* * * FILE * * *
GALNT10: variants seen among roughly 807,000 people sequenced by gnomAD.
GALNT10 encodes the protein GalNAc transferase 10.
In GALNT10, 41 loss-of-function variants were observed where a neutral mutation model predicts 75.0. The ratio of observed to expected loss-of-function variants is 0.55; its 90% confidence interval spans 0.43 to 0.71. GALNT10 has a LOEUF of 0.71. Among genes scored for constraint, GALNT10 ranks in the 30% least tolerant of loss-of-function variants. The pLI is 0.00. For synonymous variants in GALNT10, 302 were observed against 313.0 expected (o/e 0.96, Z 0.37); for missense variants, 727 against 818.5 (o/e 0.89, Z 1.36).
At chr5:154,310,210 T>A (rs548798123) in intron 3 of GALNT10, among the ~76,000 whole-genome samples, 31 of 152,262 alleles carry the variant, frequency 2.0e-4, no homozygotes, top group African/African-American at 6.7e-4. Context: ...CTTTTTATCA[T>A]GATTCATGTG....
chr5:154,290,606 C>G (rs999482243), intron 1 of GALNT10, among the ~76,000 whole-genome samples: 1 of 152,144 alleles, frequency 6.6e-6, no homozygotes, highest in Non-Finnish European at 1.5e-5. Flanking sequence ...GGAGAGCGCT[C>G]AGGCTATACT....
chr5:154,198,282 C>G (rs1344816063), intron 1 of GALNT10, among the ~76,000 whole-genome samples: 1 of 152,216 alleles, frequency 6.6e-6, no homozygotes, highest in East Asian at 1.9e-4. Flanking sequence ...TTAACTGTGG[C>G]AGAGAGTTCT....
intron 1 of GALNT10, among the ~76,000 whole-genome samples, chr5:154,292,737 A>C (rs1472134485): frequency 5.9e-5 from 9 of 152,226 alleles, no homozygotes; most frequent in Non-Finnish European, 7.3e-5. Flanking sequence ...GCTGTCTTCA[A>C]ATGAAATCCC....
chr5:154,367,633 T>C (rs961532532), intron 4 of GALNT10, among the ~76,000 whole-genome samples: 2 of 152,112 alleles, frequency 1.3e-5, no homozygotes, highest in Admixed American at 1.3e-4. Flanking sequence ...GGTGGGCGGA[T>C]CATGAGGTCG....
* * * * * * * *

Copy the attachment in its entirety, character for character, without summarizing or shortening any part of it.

GALNT10: variants seen among roughly 807,000 people sequenced by gnomAD.
GALNT10 encodes the protein GalNAc transferase 10.
In GALNT10, 41 loss-of-function variants were observed where a neutral mutation model predicts 75.0. The ratio of observed to expected loss-of-function variants is 0.55; its 90% confidence interval spans 0.43 to 0.71. GALNT10 has a LOEUF of 0.71. Among genes scored for constraint, GALNT10 ranks in the 30% least tolerant of loss-of-function variants. The pLI is 0.00. For synonymous variants in GALNT10, 302 were observed against 313.0 expected (o/e 0.96, Z 0.37); for missense variants, 727 against 818.5 (o/e 0.89, Z 1.36).
At chr5:154,310,210 T>A (rs548798123) in intron 3 of GALNT10, among the ~76,000 whole-genome samples, 31 of 152,262 alleles carry the variant, frequency 2.0e-4, no homozygotes, top group African/African-American at 6.7e-4. Context: ...CTTTTTATCA[T>A]GATTCATGTG....
chr5:154,290,606 C>G (rs999482243), intron 1 of GALNT10, among the ~76,000 whole-genome samples: 1 of 152,144 alleles, frequency 6.6e-6, no homozygotes, highest in Non-Finnish European at 1.5e-5. Flanking sequence ...GGAGAGCGCT[C>G]AGGCTATACT....
chr5:154,198,282 C>G (rs1344816063), intron 1 of GALNT10, among the ~76,000 whole-genome samples: 1 of 152,216 alleles, frequency 6.6e-6, no homozygotes, highest in East Asian at 1.9e-4. Flanking sequence ...TTAACTGTGG[C>G]AGAGAGTTCT....
intron 1 of GALNT10, among the ~76,000 whole-genome samples, chr5:154,292,737 A>C (rs1472134485): frequency 5.9e-5 from 9 of 152,226 alleles, no homozygotes; most frequent in Non-Finnish European, 7.3e-5. Flanking sequence ...GCTGTCTTCA[A>C]ATGAAATCCC....
chr5:154,367,633 T>C (rs961532532), intron 4 of GALNT10, among the ~76,000 whole-genome samples: 2 of 152,112 alleles, frequency 1.3e-5, no homozygotes, highest in Admixed American at 1.3e-4. Flanking sequence ...GGTGGGCGGA[T>C]CATGAGGTCG....